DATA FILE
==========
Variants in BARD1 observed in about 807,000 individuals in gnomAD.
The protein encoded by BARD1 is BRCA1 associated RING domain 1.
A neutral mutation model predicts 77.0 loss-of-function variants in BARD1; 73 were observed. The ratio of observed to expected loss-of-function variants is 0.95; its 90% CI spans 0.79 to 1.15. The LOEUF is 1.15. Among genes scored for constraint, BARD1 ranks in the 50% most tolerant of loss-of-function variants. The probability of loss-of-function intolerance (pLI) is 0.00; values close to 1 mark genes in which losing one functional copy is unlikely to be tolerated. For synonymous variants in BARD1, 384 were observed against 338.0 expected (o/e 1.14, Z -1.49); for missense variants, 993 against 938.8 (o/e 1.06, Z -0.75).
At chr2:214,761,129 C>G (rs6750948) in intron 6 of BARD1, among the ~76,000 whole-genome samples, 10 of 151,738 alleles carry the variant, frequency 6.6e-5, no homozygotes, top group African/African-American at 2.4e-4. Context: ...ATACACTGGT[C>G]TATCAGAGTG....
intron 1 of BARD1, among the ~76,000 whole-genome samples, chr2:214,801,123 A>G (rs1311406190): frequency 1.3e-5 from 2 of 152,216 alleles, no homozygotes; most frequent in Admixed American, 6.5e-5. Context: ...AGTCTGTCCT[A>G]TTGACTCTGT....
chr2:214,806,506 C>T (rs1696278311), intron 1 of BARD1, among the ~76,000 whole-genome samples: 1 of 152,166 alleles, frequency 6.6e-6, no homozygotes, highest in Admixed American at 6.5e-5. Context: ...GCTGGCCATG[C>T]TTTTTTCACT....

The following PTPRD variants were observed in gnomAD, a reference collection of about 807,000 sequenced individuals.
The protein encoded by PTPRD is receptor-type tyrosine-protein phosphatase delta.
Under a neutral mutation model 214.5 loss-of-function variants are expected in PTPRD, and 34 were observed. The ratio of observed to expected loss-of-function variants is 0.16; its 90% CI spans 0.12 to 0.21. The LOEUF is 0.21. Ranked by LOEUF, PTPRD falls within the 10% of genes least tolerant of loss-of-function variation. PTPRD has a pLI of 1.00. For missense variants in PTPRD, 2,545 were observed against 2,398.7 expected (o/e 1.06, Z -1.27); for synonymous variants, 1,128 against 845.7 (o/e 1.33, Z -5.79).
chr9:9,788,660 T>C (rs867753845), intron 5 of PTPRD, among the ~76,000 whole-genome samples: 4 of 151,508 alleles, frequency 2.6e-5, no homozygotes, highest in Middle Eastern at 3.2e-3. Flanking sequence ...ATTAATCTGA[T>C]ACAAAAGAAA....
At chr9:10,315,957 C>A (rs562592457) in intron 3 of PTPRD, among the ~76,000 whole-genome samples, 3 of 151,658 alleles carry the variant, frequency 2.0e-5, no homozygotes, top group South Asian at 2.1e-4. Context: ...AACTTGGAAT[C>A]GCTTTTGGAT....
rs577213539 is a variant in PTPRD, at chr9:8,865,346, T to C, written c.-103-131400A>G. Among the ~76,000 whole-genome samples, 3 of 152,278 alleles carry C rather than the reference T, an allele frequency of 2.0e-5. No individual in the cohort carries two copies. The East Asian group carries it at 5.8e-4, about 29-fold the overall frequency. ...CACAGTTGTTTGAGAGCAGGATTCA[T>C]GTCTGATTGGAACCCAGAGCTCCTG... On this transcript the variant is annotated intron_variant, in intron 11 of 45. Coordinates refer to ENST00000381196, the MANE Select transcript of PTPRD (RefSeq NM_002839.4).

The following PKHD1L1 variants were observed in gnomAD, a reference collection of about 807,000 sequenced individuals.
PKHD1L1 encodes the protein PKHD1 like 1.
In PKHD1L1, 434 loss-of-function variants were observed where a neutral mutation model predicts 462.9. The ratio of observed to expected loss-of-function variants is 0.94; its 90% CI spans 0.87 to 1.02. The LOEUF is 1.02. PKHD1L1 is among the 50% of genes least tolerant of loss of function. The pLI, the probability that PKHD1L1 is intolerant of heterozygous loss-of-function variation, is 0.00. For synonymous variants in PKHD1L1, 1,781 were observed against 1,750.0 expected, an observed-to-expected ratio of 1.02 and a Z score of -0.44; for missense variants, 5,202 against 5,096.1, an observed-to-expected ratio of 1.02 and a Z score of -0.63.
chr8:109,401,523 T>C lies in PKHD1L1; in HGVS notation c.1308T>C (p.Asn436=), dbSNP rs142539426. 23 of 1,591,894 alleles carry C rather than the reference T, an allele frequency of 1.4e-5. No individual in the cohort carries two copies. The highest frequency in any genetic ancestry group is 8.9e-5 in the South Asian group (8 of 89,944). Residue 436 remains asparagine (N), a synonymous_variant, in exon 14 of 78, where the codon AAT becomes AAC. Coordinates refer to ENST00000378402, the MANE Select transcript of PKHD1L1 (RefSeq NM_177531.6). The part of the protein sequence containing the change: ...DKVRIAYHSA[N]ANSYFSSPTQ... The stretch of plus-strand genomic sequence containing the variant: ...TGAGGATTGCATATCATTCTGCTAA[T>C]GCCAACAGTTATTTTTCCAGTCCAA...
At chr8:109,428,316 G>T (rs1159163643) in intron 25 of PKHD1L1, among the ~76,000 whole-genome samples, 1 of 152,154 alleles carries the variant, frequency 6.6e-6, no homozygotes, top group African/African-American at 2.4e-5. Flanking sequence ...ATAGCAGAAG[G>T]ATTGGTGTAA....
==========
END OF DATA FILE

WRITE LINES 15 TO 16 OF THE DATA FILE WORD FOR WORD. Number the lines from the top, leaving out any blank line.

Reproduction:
In PKHD1L1, 434 loss-of-function variants were observed where a neutral mutation model predicts 462.9. The ratio of observed to expected loss-of-function variants is 0.94; its 90% CI spans 0.87 to 1.02. The LOEUF is 1.02. PKHD1L1 is among the 50% of genes least tolerant of loss of function. The pLI, the probability that PKHD1L1 is intolerant of heterozygous loss-of-function variation, is 0.00. For synonymous variants in PKHD1L1, 1,781 were observed against 1,750.0 expected, an observed-to-expected ratio of 1.02 and a Z score of -0.44; for missense variants, 5,202 against 5,096.1, an observed-to-expected ratio of 1.02 and a Z score of -0.63.
chr8:109,401,523 T>C lies in PKHD1L1; in HGVS notation c.1308T>C (p.Asn436=), dbSNP rs142539426. 23 of 1,591,894 alleles carry C rather than the reference T, an allele frequency of 1.4e-5. No individual in the cohort carries two copies. The highest frequency in any genetic ancestry group is 8.9e-5 in the South Asian group (8 of 89,944). Residue 436 remains asparagine (N), a synonymous_variant, in exon 14 of 78, where the codon AAT becomes AAC. Coordinates refer to ENST00000378402, the MANE Select transcript of PKHD1L1 (RefSeq NM_177531.6). The part of the protein sequence containing the change: ...DKVRIAYHSA[N]ANSYFSSPTQ... The stretch of plus-strand genomic sequence containing the variant: ...TGAGGATTGCATATCATTCTGCTAA[T>C]GCCAACAGTTATTTTTCCAGTCCAA...